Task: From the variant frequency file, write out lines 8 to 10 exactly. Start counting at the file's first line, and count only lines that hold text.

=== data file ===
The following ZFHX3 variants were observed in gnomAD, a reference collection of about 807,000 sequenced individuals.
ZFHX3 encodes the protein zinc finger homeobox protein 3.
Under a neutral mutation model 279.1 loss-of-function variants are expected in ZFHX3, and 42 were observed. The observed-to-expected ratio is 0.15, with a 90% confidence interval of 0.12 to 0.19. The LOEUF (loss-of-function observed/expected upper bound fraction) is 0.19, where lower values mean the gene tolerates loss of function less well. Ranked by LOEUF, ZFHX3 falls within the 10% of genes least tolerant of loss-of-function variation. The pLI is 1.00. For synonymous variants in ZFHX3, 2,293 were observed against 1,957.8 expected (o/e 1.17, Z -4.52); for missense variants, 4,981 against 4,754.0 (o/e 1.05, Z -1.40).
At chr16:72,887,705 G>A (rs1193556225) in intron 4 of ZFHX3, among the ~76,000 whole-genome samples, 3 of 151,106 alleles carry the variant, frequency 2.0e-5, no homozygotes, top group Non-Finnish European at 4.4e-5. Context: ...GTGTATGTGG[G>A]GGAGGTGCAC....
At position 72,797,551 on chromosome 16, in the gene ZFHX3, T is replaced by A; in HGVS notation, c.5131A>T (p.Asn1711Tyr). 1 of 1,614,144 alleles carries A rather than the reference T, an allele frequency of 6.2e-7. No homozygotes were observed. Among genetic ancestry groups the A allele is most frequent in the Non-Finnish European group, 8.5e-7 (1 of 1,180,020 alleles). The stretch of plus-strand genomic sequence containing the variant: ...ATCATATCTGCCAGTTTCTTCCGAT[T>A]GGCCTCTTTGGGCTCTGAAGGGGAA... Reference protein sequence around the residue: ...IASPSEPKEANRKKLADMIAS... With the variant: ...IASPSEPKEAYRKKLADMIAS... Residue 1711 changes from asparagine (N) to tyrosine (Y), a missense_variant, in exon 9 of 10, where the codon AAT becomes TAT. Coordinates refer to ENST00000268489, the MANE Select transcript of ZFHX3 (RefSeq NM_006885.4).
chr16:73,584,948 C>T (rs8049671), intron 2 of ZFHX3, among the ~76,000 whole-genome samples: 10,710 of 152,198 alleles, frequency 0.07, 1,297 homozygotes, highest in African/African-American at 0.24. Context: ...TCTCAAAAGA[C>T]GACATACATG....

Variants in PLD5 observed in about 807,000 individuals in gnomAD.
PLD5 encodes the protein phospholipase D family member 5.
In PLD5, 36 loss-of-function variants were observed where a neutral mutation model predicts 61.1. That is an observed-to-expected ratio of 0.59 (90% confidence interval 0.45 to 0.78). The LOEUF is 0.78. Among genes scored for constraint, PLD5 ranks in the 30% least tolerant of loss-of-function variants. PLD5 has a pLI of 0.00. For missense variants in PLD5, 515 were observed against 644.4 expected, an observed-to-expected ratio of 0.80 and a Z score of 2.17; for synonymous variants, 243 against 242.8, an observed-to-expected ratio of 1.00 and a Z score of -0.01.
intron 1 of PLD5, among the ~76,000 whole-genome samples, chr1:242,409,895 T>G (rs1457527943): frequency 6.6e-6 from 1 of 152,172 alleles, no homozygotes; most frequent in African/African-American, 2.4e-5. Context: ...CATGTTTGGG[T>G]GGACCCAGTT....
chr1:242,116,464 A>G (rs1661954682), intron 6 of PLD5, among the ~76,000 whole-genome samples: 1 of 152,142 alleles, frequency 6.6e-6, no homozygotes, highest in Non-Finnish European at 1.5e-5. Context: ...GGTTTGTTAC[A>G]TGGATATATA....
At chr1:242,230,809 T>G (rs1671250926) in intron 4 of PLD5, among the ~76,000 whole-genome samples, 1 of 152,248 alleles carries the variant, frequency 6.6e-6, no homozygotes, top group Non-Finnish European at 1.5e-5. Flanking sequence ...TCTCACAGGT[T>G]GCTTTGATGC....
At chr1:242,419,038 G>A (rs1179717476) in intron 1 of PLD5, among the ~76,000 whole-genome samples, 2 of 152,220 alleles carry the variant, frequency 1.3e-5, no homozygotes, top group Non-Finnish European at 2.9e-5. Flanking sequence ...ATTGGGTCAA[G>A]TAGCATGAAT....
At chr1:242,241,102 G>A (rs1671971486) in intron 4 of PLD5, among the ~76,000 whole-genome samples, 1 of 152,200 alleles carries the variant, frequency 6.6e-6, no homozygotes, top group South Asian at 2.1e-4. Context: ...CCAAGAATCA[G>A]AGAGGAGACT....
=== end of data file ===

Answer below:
PLD5 encodes the protein phospholipase D family member 5.
In PLD5, 36 loss-of-function variants were observed where a neutral mutation model predicts 61.1. That is an observed-to-expected ratio of 0.59 (90% confidence interval 0.45 to 0.78). The LOEUF is 0.78. Among genes scored for constraint, PLD5 ranks in the 30% least tolerant of loss-of-function variants. PLD5 has a pLI of 0.00. For missense variants in PLD5, 515 were observed against 644.4 expected, an observed-to-expected ratio of 0.80 and a Z score of 2.17; for synonymous variants, 243 against 242.8, an observed-to-expected ratio of 1.00 and a Z score of -0.01.
intron 1 of PLD5, among the ~76,000 whole-genome samples, chr1:242,409,895 T>G (rs1457527943): frequency 6.6e-6 from 1 of 152,172 alleles, no homozygotes; most frequent in African/African-American, 2.4e-5. Context: ...CATGTTTGGG[T>G]GGACCCAGTT....